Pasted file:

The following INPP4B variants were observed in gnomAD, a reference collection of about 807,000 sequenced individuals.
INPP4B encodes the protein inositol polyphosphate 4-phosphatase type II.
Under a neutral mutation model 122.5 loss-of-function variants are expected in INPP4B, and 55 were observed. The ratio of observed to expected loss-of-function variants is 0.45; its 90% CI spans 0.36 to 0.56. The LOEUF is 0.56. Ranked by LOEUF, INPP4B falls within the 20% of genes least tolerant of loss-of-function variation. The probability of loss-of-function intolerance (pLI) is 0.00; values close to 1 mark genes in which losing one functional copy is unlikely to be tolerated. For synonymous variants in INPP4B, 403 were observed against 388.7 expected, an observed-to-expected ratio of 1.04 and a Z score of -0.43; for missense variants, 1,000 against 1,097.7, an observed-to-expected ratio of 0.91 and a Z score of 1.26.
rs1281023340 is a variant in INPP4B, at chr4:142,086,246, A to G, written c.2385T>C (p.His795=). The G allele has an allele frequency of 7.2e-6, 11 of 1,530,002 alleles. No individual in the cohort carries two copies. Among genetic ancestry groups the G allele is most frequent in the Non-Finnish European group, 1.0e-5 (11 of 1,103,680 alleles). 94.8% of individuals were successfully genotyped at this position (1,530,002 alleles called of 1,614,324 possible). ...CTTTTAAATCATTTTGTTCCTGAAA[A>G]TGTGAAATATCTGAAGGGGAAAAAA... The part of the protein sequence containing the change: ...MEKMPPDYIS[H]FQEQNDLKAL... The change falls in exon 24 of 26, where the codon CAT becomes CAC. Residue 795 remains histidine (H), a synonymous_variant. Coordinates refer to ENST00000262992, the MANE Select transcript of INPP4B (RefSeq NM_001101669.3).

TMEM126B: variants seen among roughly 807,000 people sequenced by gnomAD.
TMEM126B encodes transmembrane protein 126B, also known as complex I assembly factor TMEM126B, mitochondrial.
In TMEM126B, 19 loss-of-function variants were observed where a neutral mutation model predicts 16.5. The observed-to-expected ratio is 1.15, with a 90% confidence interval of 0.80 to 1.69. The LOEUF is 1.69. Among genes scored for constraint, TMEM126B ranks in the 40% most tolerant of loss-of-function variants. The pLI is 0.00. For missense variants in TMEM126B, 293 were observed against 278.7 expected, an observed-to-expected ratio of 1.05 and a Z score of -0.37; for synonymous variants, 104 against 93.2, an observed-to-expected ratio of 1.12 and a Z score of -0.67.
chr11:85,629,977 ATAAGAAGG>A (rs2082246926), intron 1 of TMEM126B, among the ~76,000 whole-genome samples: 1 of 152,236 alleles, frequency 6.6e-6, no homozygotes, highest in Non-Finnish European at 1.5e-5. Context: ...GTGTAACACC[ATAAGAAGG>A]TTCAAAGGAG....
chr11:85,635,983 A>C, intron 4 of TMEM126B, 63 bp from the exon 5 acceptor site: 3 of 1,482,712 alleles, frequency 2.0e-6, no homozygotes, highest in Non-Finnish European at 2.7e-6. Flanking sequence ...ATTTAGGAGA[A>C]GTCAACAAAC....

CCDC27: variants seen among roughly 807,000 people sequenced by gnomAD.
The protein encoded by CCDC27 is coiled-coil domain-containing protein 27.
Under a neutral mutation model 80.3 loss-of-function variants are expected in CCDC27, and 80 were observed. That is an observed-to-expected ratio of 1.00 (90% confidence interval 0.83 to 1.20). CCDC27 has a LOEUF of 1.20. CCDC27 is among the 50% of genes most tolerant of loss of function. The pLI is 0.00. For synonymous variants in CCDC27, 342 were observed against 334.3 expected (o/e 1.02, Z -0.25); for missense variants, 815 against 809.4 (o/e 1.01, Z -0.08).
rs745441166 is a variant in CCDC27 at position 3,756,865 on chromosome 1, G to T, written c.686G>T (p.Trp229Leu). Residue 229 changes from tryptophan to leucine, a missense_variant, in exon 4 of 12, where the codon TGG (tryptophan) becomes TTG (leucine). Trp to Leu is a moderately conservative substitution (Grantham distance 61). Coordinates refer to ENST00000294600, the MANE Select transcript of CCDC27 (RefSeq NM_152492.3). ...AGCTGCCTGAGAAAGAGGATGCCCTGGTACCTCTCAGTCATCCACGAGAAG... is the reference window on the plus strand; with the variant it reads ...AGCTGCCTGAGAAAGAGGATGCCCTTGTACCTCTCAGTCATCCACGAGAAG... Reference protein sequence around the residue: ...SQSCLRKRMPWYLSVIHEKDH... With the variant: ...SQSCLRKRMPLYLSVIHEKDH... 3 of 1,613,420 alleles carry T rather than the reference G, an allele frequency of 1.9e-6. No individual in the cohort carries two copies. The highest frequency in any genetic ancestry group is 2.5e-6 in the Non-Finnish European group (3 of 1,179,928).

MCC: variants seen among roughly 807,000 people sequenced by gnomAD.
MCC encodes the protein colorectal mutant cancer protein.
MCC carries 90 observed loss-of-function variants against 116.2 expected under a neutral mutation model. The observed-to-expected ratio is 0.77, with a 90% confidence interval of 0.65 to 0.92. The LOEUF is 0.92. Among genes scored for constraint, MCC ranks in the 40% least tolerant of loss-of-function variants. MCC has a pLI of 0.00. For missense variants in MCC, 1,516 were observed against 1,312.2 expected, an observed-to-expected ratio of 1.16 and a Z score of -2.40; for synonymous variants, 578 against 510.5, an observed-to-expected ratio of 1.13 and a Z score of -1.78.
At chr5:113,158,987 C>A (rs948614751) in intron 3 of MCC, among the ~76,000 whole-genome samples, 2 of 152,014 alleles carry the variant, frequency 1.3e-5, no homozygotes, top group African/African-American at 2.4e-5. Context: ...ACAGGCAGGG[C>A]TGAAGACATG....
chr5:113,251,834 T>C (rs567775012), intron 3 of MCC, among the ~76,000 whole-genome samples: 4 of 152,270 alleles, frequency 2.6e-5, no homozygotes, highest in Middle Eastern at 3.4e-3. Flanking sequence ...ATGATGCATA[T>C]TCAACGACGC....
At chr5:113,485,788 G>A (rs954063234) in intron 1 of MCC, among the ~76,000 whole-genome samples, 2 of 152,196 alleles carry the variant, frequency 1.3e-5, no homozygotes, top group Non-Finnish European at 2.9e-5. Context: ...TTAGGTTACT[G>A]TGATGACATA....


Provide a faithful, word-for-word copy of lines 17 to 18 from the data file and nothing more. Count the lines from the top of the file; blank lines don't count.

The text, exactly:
At chr5:113,158,987 C>A (rs948614751) in intron 3 of MCC, among the ~76,000 whole-genome samples, 2 of 152,014 alleles carry the variant, frequency 1.3e-5, no homozygotes, top group African/African-American at 2.4e-5. Context: ...ACAGGCAGGG[C>A]TGAAGACATG....
chr5:113,251,834 T>C (rs567775012), intron 3 of MCC, among the ~76,000 whole-genome samples: 4 of 152,270 alleles, frequency 2.6e-5, no homozygotes, highest in Middle Eastern at 3.4e-3. Flanking sequence ...ATGATGCATA[T>C]TCAACGACGC....